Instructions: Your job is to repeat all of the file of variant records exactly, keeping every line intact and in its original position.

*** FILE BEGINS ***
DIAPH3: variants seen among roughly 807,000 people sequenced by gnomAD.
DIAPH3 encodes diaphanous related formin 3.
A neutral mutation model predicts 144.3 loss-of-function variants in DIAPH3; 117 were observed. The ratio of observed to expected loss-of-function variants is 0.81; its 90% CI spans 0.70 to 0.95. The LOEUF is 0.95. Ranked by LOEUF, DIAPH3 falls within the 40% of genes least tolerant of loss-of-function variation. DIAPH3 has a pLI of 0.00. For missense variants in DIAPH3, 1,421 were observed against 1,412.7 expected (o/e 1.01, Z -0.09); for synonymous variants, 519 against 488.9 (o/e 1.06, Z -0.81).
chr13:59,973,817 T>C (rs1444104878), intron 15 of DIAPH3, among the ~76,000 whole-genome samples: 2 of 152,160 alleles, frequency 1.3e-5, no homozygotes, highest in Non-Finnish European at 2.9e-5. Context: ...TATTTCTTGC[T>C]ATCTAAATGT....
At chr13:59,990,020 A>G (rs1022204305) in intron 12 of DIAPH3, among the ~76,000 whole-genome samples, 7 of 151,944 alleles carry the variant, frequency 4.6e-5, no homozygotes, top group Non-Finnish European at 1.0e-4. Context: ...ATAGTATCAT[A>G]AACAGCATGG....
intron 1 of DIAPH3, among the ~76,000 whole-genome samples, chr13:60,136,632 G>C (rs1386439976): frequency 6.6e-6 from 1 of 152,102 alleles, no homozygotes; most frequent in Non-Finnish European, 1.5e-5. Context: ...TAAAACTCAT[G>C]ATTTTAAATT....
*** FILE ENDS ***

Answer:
DIAPH3: variants seen among roughly 807,000 people sequenced by gnomAD.
DIAPH3 encodes diaphanous related formin 3.
A neutral mutation model predicts 144.3 loss-of-function variants in DIAPH3; 117 were observed. The ratio of observed to expected loss-of-function variants is 0.81; its 90% CI spans 0.70 to 0.95. The LOEUF is 0.95. Ranked by LOEUF, DIAPH3 falls within the 40% of genes least tolerant of loss-of-function variation. DIAPH3 has a pLI of 0.00. For missense variants in DIAPH3, 1,421 were observed against 1,412.7 expected (o/e 1.01, Z -0.09); for synonymous variants, 519 against 488.9 (o/e 1.06, Z -0.81).
chr13:59,973,817 T>C (rs1444104878), intron 15 of DIAPH3, among the ~76,000 whole-genome samples: 2 of 152,160 alleles, frequency 1.3e-5, no homozygotes, highest in Non-Finnish European at 2.9e-5. Context: ...TATTTCTTGC[T>C]ATCTAAATGT....
At chr13:59,990,020 A>G (rs1022204305) in intron 12 of DIAPH3, among the ~76,000 whole-genome samples, 7 of 151,944 alleles carry the variant, frequency 4.6e-5, no homozygotes, top group Non-Finnish European at 1.0e-4. Context: ...ATAGTATCAT[A>G]AACAGCATGG....
intron 1 of DIAPH3, among the ~76,000 whole-genome samples, chr13:60,136,632 G>C (rs1386439976): frequency 6.6e-6 from 1 of 152,102 alleles, no homozygotes; most frequent in Non-Finnish European, 1.5e-5. Context: ...TAAAACTCAT[G>C]ATTTTAAATT....